While county police officers will have to wait a little longer for a significant pay increase, the board was able to help the Rome-Floyd Parks and Recreation Authority.
During the caucus session before the public meeting, Commissioners added back into the budget $75,000 that had been cut from the recreation fund, and removed a tentative $125,000 earmark that would have covered a pay hike for police officers.
The final budget also included a one-time, lump sum payment for all full-time and permanent part-time county employees. Distribution will be by a formula that takes into account years of service.
“I think that this is a great budget, considering the hard economic times,” Commission Chairman Irwin Bagwell said. “We’re struggling with low revenue but we don’t want to raise taxes, so we’re making do with what we have coming in.”
Bagwell said he was pleased that they were able to compensate long-time county employees. No raises have been awarded in four years.
“They deserve it and we value the time that they’ve spent with the county,” Bagwell said.
Interim County Manager Gary Burkhalter said that there is no time frame as to when the one-time payment will be made, but he expects it to be in the near future.
A gap of $752,305 in expenses over projected revenue in the budget will be made up by pulling from the county’s savings. The transfer is smaller than what was proposed in earlier drafts.
The inclusion of larger pay increases for county police officers in earlier drafts of the budget was done because a significant percentage of sworn officers have been leaving for higher-paying positions in surrounding counties.
Commissioners said they are not abandoning the issue and will revisit the subject of pay increases once a subcommittee reviews the matter and proposes a more concrete amount for them to approve.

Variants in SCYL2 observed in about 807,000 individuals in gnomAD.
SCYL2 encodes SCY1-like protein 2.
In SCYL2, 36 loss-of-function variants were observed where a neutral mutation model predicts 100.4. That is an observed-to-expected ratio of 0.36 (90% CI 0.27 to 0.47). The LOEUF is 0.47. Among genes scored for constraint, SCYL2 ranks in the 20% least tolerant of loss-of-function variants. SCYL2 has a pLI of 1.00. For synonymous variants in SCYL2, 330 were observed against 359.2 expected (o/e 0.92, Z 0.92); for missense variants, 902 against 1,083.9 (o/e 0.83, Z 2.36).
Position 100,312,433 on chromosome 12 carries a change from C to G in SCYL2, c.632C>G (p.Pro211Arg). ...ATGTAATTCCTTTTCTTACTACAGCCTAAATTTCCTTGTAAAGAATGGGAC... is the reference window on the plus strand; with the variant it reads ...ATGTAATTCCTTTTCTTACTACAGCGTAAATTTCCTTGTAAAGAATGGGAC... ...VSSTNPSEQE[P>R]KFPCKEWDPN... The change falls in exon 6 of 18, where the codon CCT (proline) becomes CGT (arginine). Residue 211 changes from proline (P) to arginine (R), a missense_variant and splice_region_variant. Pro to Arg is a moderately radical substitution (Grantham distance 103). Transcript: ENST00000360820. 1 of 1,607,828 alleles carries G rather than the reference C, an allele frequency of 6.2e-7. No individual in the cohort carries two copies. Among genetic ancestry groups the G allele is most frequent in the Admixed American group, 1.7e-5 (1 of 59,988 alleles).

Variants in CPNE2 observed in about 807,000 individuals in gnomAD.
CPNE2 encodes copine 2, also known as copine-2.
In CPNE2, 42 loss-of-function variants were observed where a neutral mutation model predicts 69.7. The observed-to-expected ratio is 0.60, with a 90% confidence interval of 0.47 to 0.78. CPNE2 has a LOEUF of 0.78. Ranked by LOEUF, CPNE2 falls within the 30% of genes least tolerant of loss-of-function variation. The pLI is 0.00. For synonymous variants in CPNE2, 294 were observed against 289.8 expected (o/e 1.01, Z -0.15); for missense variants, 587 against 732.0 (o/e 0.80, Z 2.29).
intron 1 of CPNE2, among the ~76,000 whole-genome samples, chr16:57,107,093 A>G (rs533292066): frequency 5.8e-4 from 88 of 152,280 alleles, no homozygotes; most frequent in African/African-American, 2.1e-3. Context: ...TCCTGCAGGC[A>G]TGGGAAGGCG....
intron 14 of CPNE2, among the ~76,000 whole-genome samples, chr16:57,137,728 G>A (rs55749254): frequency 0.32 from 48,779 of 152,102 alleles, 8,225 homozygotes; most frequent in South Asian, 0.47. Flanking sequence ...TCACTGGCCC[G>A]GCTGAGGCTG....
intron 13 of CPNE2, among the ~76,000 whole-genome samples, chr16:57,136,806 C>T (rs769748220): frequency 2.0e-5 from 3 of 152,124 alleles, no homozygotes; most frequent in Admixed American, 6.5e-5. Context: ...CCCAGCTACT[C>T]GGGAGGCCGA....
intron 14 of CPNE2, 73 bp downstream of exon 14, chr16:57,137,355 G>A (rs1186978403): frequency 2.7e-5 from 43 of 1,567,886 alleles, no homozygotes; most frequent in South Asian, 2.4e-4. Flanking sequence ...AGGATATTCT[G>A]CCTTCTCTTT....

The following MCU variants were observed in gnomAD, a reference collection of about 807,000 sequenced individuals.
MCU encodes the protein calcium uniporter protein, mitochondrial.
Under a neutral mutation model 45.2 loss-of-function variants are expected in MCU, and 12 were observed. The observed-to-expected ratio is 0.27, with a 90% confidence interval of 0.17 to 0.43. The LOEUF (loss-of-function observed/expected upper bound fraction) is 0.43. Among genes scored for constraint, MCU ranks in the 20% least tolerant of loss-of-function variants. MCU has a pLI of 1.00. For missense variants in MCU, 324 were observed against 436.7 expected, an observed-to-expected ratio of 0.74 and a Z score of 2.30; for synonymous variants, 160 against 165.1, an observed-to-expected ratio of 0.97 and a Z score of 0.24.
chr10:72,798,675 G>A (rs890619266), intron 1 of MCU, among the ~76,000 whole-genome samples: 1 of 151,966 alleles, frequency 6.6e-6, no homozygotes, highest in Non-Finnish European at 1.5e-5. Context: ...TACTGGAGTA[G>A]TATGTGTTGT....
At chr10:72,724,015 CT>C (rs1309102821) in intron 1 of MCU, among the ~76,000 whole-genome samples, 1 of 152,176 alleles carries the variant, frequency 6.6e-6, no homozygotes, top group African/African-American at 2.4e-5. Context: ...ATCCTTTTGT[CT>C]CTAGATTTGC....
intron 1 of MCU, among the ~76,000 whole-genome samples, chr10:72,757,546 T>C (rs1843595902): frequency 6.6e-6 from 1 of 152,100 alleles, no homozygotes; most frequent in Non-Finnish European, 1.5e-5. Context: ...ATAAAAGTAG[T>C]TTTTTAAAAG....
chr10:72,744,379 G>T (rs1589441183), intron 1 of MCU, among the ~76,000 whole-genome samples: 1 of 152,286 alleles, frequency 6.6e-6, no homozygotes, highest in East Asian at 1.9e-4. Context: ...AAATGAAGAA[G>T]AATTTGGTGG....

Burkhalter said they would then look at the funding available for the hike.
Several Floyd County deputies and jail employees attended the meeting, along with Sheriff Tim Burkhalter and Chief Deputy Tom Caldwell.
“We appreciate everyone being here and showing your support,” Commissioner Rhonda Wallace said. “We appreciate the protection and the job you do, and we will continue to look at ways to increase your salary.”
The decision to reverse the proposed cut to recreation came after the board discussed the situation with the RFPRA’s fund reserves. Interim County Manager Gary Burkhalter said that it appeared the RFPRA will use nearly all of its reserve once they close out their 2012 books.
“They would not be able to absorb the reduction in funding without a reduction in service,” he said.
However, he told the board a $75,000 cut in funding for the Rome-Floyd County Library and a $100,000 cut to the Floyd County Health Department could both be offset by each organization’s reserves.